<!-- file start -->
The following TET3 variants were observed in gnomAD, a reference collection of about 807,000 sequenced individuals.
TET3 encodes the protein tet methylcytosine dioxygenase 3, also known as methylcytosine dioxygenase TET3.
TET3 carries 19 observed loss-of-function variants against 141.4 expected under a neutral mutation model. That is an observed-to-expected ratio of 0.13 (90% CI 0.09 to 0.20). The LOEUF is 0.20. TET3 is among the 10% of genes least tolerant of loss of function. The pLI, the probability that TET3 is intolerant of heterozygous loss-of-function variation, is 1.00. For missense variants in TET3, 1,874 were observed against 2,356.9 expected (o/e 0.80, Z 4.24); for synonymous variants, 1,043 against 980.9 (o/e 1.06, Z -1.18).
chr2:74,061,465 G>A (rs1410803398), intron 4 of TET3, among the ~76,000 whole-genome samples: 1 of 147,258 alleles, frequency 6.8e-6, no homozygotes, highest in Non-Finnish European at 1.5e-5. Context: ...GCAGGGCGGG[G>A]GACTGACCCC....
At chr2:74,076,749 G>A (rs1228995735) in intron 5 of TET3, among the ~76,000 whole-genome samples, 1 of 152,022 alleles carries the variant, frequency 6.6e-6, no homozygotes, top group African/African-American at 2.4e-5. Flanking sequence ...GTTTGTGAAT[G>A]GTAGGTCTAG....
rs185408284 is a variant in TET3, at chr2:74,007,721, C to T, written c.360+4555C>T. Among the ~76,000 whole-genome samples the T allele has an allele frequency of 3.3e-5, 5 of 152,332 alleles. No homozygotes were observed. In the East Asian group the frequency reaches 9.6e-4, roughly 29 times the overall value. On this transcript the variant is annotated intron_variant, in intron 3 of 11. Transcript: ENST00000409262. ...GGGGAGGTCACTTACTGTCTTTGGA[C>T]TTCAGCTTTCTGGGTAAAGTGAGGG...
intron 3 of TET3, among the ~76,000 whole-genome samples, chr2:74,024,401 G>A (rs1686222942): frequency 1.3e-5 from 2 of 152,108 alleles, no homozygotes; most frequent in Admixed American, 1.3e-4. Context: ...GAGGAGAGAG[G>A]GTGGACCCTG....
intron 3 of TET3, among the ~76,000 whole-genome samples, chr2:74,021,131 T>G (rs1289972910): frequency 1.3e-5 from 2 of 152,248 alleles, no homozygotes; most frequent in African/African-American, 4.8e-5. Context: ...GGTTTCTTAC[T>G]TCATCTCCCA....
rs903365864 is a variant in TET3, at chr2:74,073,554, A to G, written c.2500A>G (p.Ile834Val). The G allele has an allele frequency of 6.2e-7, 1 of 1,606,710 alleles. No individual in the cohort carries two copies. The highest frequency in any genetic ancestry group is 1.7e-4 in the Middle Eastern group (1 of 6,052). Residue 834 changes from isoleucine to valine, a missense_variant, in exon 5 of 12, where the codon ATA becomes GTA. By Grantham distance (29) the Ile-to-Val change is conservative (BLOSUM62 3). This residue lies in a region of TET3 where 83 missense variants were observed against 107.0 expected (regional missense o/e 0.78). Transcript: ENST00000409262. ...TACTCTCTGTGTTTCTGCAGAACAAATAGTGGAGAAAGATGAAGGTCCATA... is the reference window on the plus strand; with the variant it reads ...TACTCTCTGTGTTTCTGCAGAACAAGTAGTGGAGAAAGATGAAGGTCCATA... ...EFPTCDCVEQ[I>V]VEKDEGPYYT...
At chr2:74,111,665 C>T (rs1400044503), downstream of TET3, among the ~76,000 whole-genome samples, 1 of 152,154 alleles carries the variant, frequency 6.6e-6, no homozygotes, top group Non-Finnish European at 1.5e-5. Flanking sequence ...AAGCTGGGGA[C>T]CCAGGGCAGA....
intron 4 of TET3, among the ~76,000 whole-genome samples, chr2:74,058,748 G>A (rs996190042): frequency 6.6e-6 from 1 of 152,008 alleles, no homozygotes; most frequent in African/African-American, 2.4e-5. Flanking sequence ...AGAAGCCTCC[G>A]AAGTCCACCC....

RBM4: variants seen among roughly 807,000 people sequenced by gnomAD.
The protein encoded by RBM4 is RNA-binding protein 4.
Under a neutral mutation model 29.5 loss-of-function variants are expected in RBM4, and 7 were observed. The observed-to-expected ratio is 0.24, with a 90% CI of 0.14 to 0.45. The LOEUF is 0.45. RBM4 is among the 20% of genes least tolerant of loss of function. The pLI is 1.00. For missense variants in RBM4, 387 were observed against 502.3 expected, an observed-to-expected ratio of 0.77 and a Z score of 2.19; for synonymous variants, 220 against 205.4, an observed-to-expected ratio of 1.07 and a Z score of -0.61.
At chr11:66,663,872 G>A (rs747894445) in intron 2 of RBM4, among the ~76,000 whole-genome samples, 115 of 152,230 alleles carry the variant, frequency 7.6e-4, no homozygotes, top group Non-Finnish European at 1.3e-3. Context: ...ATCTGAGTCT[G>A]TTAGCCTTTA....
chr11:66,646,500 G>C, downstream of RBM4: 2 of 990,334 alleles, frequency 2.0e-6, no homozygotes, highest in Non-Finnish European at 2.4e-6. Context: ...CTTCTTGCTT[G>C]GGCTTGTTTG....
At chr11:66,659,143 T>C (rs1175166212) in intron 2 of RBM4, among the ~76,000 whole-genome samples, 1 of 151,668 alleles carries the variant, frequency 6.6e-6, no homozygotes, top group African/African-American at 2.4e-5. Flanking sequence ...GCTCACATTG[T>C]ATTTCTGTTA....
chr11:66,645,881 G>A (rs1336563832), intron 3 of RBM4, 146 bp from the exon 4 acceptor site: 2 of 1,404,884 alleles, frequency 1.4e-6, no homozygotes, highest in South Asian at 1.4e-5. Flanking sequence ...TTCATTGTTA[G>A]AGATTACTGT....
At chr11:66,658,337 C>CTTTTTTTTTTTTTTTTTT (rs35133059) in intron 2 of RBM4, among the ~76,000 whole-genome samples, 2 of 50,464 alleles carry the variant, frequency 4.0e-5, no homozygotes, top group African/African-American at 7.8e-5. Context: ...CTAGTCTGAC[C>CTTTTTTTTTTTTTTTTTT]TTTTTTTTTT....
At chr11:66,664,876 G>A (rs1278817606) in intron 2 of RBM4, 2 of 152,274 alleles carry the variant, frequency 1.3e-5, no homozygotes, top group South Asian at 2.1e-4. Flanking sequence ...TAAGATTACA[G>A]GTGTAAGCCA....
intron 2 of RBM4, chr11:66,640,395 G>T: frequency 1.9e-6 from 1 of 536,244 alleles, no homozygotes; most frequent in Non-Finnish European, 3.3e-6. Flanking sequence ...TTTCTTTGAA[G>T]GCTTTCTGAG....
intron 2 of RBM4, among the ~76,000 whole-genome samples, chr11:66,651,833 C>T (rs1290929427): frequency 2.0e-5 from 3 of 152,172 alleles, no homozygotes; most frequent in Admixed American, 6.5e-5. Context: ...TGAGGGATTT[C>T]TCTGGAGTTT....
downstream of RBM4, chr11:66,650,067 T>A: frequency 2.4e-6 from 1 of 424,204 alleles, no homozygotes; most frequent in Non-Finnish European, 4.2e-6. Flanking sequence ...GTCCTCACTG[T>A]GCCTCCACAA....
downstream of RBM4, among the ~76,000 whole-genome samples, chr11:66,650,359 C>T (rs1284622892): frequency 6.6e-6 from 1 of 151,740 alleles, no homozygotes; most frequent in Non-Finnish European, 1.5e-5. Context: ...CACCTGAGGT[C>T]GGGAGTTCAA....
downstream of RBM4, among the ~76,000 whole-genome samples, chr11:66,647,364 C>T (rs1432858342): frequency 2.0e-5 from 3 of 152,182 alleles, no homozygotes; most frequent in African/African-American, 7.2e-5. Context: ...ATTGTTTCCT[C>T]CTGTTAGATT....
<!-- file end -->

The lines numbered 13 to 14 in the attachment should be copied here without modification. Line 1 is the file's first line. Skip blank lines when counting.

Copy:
The protein encoded by RBM4 is RNA-binding protein 4.
Under a neutral mutation model 29.5 loss-of-function variants are expected in RBM4, and 7 were observed. The observed-to-expected ratio is 0.24, with a 90% CI of 0.14 to 0.45. The LOEUF is 0.45. RBM4 is among the 20% of genes least tolerant of loss of function. The pLI is 1.00. For missense variants in RBM4, 387 were observed against 502.3 expected, an observed-to-expected ratio of 0.77 and a Z score of 2.19; for synonymous variants, 220 against 205.4, an observed-to-expected ratio of 1.07 and a Z score of -0.61.